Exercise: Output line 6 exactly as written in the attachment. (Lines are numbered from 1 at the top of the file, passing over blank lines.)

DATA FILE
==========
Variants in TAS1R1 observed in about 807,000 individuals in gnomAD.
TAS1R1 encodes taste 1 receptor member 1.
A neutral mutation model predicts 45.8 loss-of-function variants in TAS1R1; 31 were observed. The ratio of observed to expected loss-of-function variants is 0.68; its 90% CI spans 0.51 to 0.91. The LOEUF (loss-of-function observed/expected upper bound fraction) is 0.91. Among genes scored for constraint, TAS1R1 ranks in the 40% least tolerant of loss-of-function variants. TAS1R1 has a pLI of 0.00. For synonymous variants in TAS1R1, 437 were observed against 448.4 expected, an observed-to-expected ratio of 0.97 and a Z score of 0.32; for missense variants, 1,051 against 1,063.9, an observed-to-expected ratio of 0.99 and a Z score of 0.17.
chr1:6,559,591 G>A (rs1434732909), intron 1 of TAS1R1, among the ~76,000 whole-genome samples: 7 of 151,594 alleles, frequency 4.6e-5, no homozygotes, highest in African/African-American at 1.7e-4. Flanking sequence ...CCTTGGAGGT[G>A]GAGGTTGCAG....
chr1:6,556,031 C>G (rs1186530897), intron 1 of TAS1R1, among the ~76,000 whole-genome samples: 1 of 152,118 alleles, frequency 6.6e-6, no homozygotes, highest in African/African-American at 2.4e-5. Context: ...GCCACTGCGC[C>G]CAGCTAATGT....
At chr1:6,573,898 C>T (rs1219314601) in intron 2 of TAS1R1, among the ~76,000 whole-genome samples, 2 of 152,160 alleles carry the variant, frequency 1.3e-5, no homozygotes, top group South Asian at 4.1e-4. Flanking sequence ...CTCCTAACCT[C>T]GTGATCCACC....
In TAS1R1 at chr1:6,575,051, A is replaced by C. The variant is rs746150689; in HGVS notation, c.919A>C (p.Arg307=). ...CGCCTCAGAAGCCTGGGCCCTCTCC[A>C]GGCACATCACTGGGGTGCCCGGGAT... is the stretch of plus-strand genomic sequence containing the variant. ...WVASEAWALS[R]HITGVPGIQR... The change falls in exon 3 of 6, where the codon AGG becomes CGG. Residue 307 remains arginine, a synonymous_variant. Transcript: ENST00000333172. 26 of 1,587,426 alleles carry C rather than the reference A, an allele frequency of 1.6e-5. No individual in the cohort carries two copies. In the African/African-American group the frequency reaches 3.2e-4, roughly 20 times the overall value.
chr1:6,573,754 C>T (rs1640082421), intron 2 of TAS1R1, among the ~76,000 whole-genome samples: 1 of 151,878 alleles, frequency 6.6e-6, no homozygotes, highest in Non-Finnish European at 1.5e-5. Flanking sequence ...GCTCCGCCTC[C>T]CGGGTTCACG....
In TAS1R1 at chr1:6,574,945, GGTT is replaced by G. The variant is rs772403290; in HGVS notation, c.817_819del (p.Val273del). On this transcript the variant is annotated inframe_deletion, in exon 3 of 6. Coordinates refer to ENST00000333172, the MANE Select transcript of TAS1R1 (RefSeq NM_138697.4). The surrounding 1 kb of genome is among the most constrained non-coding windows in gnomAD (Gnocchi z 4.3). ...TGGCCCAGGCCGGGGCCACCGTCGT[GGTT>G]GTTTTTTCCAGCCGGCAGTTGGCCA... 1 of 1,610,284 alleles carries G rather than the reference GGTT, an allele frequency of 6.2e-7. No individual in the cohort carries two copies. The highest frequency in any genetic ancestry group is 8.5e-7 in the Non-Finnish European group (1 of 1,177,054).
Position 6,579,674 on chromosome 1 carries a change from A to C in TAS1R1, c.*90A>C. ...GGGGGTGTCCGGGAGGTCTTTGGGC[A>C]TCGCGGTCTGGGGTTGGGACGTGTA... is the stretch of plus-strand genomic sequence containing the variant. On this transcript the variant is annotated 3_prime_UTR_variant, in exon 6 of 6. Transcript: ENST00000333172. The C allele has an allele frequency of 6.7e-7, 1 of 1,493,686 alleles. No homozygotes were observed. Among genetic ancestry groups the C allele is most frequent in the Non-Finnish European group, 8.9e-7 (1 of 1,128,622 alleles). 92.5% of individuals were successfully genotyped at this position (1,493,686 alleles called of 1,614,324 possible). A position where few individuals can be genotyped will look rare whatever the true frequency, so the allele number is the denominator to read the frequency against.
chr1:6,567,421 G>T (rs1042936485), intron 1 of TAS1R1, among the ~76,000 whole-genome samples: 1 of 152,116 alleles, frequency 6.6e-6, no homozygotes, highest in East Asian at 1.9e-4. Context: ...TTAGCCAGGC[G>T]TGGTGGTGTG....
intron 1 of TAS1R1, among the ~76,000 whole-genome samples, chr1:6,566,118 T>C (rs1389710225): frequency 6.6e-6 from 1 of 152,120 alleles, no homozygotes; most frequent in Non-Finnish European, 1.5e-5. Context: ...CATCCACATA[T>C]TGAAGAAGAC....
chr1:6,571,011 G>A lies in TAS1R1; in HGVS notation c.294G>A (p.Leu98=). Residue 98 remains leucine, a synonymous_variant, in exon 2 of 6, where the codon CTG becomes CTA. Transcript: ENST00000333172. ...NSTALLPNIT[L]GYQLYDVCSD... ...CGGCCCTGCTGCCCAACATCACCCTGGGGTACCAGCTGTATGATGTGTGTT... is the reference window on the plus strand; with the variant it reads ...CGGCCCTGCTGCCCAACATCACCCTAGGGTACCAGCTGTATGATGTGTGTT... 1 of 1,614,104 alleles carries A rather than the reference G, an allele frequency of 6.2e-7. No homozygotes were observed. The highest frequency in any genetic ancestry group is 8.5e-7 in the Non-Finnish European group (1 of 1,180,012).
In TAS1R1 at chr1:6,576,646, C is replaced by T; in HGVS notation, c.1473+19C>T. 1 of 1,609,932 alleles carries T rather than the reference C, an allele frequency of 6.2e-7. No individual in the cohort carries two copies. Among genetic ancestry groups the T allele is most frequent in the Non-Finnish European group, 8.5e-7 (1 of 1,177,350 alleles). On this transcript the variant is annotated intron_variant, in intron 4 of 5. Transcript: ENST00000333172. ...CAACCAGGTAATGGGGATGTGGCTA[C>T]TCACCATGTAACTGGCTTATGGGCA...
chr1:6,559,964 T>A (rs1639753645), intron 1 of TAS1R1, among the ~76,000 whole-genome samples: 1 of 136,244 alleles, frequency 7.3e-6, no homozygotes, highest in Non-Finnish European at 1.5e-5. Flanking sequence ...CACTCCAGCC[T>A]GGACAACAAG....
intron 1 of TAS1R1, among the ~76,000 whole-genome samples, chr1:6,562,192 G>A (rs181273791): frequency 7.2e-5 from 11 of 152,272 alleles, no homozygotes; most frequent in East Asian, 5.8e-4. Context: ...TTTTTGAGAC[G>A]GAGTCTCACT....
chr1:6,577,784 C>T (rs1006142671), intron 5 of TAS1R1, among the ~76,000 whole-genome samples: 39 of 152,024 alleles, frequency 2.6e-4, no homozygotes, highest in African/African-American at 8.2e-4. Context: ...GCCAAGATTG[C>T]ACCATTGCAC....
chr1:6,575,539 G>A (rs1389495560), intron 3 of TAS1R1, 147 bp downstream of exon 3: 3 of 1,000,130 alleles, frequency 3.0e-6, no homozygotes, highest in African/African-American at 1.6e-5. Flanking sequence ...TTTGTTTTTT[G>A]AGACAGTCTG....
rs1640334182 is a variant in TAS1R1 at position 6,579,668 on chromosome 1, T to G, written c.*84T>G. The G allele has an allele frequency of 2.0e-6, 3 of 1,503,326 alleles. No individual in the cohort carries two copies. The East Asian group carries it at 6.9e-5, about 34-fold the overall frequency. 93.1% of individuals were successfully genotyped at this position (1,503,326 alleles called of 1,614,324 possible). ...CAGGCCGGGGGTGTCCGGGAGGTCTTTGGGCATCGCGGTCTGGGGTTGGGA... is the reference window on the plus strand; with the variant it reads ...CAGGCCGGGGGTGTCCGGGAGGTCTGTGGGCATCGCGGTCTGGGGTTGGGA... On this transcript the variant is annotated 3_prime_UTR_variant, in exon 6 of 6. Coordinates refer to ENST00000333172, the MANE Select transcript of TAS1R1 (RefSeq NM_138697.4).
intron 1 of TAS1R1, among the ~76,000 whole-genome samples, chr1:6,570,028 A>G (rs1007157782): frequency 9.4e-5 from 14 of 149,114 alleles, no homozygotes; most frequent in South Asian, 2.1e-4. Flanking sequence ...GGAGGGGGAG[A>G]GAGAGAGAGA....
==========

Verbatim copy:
At chr1:6,573,898 C>T (rs1219314601) in intron 2 of TAS1R1, among the ~76,000 whole-genome samples, 2 of 152,160 alleles carry the variant, frequency 1.3e-5, no homozygotes, top group South Asian at 4.1e-4. Flanking sequence ...CTCCTAACCT[C>T]GTGATCCACC....